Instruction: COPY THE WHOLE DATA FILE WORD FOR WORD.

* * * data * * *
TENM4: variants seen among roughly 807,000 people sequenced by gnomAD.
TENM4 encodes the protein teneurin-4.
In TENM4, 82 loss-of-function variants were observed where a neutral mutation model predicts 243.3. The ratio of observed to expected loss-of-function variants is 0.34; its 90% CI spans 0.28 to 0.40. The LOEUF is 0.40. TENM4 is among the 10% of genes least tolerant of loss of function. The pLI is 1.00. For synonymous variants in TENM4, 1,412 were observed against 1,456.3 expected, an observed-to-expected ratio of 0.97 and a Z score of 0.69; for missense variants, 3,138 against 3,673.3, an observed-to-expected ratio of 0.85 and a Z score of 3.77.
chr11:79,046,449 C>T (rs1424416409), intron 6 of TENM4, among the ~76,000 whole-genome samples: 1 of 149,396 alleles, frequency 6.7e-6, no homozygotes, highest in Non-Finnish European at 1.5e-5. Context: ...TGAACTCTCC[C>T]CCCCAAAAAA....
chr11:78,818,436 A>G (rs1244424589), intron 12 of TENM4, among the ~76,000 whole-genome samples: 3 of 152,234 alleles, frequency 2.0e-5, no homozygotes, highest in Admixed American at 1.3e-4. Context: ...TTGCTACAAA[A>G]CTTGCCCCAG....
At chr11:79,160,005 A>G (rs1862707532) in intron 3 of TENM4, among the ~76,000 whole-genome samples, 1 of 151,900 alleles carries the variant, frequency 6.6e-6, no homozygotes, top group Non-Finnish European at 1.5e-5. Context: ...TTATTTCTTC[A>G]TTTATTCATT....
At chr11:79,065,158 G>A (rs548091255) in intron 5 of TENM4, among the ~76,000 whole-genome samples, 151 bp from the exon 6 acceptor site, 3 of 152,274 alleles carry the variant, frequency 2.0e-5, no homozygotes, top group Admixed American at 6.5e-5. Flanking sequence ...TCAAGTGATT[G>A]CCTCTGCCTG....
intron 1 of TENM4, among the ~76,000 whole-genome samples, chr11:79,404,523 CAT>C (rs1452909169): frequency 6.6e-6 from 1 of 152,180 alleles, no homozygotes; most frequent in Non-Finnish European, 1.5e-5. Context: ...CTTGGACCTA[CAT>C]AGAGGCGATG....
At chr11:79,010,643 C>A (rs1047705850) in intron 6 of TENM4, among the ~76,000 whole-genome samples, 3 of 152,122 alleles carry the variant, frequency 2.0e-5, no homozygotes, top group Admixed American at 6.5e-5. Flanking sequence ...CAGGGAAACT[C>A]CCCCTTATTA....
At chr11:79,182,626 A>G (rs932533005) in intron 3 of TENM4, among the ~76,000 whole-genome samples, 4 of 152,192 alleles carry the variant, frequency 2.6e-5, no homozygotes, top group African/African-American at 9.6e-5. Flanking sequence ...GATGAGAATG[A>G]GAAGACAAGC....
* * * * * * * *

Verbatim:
TENM4: variants seen among roughly 807,000 people sequenced by gnomAD.
TENM4 encodes the protein teneurin-4.
In TENM4, 82 loss-of-function variants were observed where a neutral mutation model predicts 243.3. The ratio of observed to expected loss-of-function variants is 0.34; its 90% CI spans 0.28 to 0.40. The LOEUF is 0.40. TENM4 is among the 10% of genes least tolerant of loss of function. The pLI is 1.00. For synonymous variants in TENM4, 1,412 were observed against 1,456.3 expected, an observed-to-expected ratio of 0.97 and a Z score of 0.69; for missense variants, 3,138 against 3,673.3, an observed-to-expected ratio of 0.85 and a Z score of 3.77.
chr11:79,046,449 C>T (rs1424416409), intron 6 of TENM4, among the ~76,000 whole-genome samples: 1 of 149,396 alleles, frequency 6.7e-6, no homozygotes, highest in Non-Finnish European at 1.5e-5. Context: ...TGAACTCTCC[C>T]CCCCAAAAAA....
chr11:78,818,436 A>G (rs1244424589), intron 12 of TENM4, among the ~76,000 whole-genome samples: 3 of 152,234 alleles, frequency 2.0e-5, no homozygotes, highest in Admixed American at 1.3e-4. Context: ...TTGCTACAAA[A>G]CTTGCCCCAG....
At chr11:79,160,005 A>G (rs1862707532) in intron 3 of TENM4, among the ~76,000 whole-genome samples, 1 of 151,900 alleles carries the variant, frequency 6.6e-6, no homozygotes, top group Non-Finnish European at 1.5e-5. Context: ...TTATTTCTTC[A>G]TTTATTCATT....
At chr11:79,065,158 G>A (rs548091255) in intron 5 of TENM4, among the ~76,000 whole-genome samples, 151 bp from the exon 6 acceptor site, 3 of 152,274 alleles carry the variant, frequency 2.0e-5, no homozygotes, top group Admixed American at 6.5e-5. Flanking sequence ...TCAAGTGATT[G>A]CCTCTGCCTG....
intron 1 of TENM4, among the ~76,000 whole-genome samples, chr11:79,404,523 CAT>C (rs1452909169): frequency 6.6e-6 from 1 of 152,180 alleles, no homozygotes; most frequent in Non-Finnish European, 1.5e-5. Context: ...CTTGGACCTA[CAT>C]AGAGGCGATG....
At chr11:79,010,643 C>A (rs1047705850) in intron 6 of TENM4, among the ~76,000 whole-genome samples, 3 of 152,122 alleles carry the variant, frequency 2.0e-5, no homozygotes, top group Admixed American at 6.5e-5. Flanking sequence ...CAGGGAAACT[C>A]CCCCTTATTA....
At chr11:79,182,626 A>G (rs932533005) in intron 3 of TENM4, among the ~76,000 whole-genome samples, 4 of 152,192 alleles carry the variant, frequency 2.6e-5, no homozygotes, top group African/African-American at 9.6e-5. Flanking sequence ...GATGAGAATG[A>G]GAAGACAAGC....